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I have a few interconnected questions related to Kant's terminology. I think I understand the basic idea of Kant's dichotomy between intuitions and concepts, but the details are very confusing. My understanding is that this dichotomy differs from the Leibniz/Wolff view that there are only concepts, and am I guessing this differs from Hume's view that there are only intuitions (is this right?). Some other questions I have are:

Why are concepts not abstract ideas for Kant? Concepts, being representations, are types of mental states, so isn't the concept of a tiger an abstract idea? Why do we need "schema" in order to talk about abstract ideas?

What does it mean to apply a concept to a form of intuition? (Examples?) Concepts are themselves cognitions, so it isn't necessary to apply them to anything, right?

What are "forms" of intuitions and do forms differ from intuitions? Are space and time, being pure forms of intuition, themselves cognitions?

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  • This is basically the first part (Transcendental Analytic) of the first Critique that answers all this. And your only point seems to be that all of them were "mental states". But "mental states" are not the same as "conscious episodes". Kant's question here is how knowledge about the empirical world can be possible, ie. representations that represent knowledge about things in this world. And he argues this needs an interplay of sensual input and cognitive categories and processing.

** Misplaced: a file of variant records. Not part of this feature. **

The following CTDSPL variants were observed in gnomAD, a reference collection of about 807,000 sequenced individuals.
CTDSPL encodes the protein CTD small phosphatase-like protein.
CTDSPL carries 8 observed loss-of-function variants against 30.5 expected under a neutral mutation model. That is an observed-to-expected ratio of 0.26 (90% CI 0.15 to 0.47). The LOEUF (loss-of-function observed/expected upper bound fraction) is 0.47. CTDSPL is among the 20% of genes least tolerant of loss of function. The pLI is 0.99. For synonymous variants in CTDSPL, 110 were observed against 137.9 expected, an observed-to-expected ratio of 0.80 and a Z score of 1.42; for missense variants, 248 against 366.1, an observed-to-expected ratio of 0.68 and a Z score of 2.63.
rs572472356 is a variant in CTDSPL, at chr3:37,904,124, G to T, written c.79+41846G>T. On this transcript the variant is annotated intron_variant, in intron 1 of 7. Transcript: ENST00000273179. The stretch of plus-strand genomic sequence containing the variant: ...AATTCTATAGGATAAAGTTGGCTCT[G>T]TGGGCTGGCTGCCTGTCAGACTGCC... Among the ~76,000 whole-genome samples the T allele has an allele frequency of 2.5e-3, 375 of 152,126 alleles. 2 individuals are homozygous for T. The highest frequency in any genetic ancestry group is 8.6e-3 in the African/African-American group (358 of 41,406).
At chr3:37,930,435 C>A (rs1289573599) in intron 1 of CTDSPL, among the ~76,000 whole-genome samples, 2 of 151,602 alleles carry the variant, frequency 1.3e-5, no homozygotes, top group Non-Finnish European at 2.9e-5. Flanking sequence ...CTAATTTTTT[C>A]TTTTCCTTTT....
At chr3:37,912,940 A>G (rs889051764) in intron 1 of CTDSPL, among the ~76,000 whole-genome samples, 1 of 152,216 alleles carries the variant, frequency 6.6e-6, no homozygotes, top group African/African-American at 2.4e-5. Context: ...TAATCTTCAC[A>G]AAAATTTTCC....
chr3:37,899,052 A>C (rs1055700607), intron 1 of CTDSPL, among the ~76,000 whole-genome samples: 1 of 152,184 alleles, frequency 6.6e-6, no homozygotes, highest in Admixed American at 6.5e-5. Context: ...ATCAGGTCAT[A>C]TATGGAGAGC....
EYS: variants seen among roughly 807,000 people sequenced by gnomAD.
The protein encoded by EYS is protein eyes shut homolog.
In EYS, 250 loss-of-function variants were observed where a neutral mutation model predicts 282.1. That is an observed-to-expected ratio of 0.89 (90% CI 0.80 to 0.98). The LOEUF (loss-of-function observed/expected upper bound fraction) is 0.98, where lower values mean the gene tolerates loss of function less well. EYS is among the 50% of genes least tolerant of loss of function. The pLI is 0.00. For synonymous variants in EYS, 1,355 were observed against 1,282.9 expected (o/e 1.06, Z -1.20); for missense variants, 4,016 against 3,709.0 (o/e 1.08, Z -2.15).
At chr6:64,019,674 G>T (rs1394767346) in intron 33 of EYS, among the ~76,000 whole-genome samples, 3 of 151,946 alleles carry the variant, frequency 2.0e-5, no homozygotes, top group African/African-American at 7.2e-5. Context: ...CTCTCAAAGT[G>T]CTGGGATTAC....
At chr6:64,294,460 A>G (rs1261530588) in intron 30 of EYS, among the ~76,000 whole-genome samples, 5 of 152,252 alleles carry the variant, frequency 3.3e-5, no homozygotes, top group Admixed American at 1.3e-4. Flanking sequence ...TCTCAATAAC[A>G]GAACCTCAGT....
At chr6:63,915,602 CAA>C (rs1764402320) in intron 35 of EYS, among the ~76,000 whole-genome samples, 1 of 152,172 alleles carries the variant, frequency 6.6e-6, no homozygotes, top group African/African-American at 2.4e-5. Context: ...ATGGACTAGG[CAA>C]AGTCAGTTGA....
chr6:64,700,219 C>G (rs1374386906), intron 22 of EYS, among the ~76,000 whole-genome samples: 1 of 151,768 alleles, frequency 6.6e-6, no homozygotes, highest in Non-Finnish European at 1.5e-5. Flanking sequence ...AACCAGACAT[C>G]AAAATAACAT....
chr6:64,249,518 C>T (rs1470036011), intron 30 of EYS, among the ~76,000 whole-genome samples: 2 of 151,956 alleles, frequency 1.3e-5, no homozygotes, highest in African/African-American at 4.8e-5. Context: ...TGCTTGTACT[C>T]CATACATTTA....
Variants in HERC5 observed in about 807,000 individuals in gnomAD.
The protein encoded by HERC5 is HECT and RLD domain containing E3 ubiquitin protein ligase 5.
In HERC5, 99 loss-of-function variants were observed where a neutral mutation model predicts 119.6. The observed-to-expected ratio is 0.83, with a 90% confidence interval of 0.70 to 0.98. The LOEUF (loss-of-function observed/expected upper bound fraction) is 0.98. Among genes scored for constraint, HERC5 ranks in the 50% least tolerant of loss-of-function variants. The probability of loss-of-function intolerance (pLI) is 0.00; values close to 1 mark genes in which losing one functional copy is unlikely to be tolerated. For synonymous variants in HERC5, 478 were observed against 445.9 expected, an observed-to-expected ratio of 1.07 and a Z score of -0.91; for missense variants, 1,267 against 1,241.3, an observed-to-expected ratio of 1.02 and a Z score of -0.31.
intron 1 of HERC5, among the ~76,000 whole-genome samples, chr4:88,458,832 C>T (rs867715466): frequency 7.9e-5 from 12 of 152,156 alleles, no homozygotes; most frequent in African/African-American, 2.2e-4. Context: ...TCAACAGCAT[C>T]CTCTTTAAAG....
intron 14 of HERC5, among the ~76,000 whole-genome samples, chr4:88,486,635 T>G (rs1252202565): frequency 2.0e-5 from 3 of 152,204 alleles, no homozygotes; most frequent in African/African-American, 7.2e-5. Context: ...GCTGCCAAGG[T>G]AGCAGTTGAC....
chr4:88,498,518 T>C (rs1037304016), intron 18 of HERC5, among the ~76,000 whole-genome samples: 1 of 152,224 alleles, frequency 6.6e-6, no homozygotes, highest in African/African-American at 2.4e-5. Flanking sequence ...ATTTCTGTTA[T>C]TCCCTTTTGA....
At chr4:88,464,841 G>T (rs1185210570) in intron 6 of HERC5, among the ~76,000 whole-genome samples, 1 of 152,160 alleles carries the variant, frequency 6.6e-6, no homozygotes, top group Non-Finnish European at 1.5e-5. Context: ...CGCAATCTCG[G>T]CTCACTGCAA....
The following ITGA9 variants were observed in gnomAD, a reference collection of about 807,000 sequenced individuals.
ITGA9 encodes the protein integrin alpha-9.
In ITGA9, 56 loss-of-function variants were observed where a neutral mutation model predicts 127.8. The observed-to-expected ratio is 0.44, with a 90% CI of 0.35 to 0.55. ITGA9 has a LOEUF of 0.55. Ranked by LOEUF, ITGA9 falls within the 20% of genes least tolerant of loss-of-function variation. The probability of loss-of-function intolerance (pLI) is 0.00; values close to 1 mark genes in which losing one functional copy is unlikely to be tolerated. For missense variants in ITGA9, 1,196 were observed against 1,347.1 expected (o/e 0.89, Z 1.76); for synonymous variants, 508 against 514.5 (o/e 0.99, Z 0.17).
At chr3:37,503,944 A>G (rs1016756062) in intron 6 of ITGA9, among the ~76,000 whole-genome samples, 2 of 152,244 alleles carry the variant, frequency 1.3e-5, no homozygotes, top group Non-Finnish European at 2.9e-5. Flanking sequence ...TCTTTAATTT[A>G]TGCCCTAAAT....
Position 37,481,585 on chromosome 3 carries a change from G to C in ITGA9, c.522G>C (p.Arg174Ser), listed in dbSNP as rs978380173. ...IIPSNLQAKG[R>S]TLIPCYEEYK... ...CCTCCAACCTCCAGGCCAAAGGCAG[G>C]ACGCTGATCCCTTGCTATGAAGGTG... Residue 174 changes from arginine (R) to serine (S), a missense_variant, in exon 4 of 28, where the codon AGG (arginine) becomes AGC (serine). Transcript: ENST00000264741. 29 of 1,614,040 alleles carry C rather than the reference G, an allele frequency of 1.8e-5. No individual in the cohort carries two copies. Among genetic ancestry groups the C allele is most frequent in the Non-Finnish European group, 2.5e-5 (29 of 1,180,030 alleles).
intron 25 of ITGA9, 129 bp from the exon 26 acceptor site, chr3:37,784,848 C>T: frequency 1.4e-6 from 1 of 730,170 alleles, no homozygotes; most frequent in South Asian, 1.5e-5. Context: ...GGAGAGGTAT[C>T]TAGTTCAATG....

– Philip Klöcking
    Jun 18, 2022 at 23:16
  • Are you saying that concepts (mental states) only rise to the level of conscious episode (sensibility?) by being applied to intuitions ? Jun 19, 2022 at 0:22
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    Kant argues that intuitions and concepts both apply to objects. An intuition of an object must be of the fundamental spatiotemporal form. A concept of an object must conform to the schematic categories of understanding such as having a quantity, quality and relations to other objects. Only when both are present we cognize things. Thus space and time are cognitions themselves... Re your posited "mental states", some may outright reject their ontic existence as state of affairs such as Churchland, so Kant's cognition is not meant through some psychological mental states to explain emotions... Jun 19, 2022 at 3:06
  • In a way, yes, arguably Kant does indeed split up the necessary conditions for building a cognition in the sense of a representation of an object different from us (thing/ Ding) as we know it. Think about it, try to think about a dog or a chair as a mere concept, without any image
    – Philip Klöcking
    Jun 19, 2022 at 8:26

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